As the Teflon-coated test bullet fired by a state police captain ripped easily through a Kevlar protective vest, Eleanor M. Carey formally launched her campaign today for Maryland attorney general, vowing to fight for laws to ban from the state armor-piercing ammunition and handguns known as Saturday night specials.
Speaking from a firing range here a few miles north of Baltimore, Carey said firearms restrictions will be a cornerstone of a broad-based campaign including tougher enforcement of drug laws, combating toxic pollution and assuring "health care, safe and livable housing, and mortgage-secured credit" for consumers.
She pledged to fight the National Rifle Association, an influential gun lobbying group that succeeded this year in getting Congress to weaken gun control legislation.
A deputy attorney general currently on unpaid leave and a longtime political ally of state Attorney General Stephen H. Sachs, the 44-year-old Carey is one of three candidates seeking the state's top law enforcement position in the Democratic primary Sept. 9. The other contenders are Lt. Gov. J. Joseph Curran Jr., 53, and former federal prosecutor Russell (Tim) Baker, 43. Former attorney general Francis (Bill) Burch, 67, dropped out of the race last week.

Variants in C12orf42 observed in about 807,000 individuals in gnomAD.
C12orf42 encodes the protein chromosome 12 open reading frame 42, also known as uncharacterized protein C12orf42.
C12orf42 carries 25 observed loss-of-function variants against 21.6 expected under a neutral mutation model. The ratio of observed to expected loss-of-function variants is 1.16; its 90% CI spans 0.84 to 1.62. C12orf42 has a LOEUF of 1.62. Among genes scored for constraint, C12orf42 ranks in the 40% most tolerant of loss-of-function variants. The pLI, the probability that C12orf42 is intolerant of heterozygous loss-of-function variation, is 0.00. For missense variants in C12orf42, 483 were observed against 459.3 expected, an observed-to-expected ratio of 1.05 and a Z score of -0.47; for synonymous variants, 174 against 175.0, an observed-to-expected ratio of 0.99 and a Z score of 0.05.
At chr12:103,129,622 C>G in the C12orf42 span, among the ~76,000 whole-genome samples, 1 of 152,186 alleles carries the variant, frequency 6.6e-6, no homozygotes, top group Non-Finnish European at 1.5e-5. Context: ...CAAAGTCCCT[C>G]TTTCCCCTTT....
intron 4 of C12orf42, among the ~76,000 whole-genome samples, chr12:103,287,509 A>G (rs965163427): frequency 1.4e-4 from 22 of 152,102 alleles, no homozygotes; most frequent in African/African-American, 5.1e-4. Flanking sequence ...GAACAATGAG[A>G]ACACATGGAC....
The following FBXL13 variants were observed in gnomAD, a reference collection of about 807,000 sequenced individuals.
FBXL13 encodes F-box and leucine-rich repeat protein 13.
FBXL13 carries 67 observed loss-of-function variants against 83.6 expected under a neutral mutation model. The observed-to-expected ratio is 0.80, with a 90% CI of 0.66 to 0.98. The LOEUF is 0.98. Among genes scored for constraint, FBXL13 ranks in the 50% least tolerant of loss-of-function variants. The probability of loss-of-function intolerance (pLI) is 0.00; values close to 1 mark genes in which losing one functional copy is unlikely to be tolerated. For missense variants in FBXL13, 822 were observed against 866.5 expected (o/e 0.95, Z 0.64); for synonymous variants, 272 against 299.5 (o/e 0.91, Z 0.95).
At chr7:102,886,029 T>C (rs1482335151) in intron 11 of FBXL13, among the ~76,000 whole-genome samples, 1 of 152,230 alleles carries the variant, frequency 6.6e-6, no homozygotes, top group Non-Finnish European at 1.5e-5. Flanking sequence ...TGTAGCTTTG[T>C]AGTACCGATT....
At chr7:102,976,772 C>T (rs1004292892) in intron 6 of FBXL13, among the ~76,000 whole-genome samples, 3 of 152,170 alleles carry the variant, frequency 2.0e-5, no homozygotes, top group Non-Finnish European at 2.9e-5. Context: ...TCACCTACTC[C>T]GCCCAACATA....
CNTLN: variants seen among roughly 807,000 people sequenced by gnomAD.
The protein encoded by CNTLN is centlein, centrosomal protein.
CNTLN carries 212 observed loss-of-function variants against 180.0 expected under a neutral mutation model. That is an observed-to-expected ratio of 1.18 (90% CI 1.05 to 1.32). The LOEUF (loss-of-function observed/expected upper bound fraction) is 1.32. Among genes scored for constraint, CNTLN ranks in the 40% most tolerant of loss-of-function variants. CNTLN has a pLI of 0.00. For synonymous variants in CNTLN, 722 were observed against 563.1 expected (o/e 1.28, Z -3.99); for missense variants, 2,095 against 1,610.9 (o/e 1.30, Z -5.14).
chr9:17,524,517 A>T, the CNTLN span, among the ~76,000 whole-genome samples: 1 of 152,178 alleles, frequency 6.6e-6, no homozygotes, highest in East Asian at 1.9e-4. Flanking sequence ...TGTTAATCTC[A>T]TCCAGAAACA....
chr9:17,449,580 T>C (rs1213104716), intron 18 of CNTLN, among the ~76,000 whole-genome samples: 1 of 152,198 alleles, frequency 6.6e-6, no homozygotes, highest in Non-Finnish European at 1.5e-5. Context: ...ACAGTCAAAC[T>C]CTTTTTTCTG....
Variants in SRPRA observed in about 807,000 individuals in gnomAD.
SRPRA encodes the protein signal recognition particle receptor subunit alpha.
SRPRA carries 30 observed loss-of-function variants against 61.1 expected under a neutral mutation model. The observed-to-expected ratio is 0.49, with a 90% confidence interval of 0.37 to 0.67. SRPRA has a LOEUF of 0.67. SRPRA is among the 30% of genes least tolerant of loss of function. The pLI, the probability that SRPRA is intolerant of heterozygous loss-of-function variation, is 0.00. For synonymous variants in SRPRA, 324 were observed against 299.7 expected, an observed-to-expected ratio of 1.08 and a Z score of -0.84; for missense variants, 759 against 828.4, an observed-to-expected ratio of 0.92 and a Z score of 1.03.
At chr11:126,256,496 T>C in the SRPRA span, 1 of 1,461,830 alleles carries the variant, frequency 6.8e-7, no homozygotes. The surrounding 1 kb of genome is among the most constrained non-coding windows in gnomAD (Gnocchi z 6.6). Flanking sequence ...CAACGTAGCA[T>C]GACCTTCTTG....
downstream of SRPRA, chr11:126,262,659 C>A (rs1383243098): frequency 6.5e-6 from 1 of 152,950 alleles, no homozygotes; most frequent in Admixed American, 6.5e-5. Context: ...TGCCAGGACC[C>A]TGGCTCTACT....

As television camera crews scrambled today for a better view of the battered yellow Kevlar protective vest, similar to ones worn by Maryland state troopers and other police, Carey said armor-piercing bullets and cheap handguns "have one purpose: to kill and maim."
She said the gun lobby, especially the NRA, is "unreasonable in its opposition to ridding Maryland of Saturday night specials and cop-killer bullets. It's time somebody took them on. I will."
An NRA spokesman in Washington said the organization is opposed to banning Saturday night specials because "there are no objective standards defining what they are." Also, he said, contrary to popular notions, "There is no proof that guns generally described as Saturday night specials are the preferred weapon of criminals."
As for armor-piercing ammunition, the spokesman said the NRA has taken no position on similar bills that have passed the House and Senate in Washington banning "willful" manufacture, sale or possession of such ammunition. It had opposed measures to make "unknowing" possession of the ammunition illegal.
As part of her drug program, Carey said, she would bring tax evasion cases against major drug dealers, advocate a statewide computer network to monitor suspected dealers and seek legislation to create a trust fund of assets seized from dealers. Half of the money from the trust fund, she said, would be used to expand drug enforcement training, and the other half would go to drug education programs.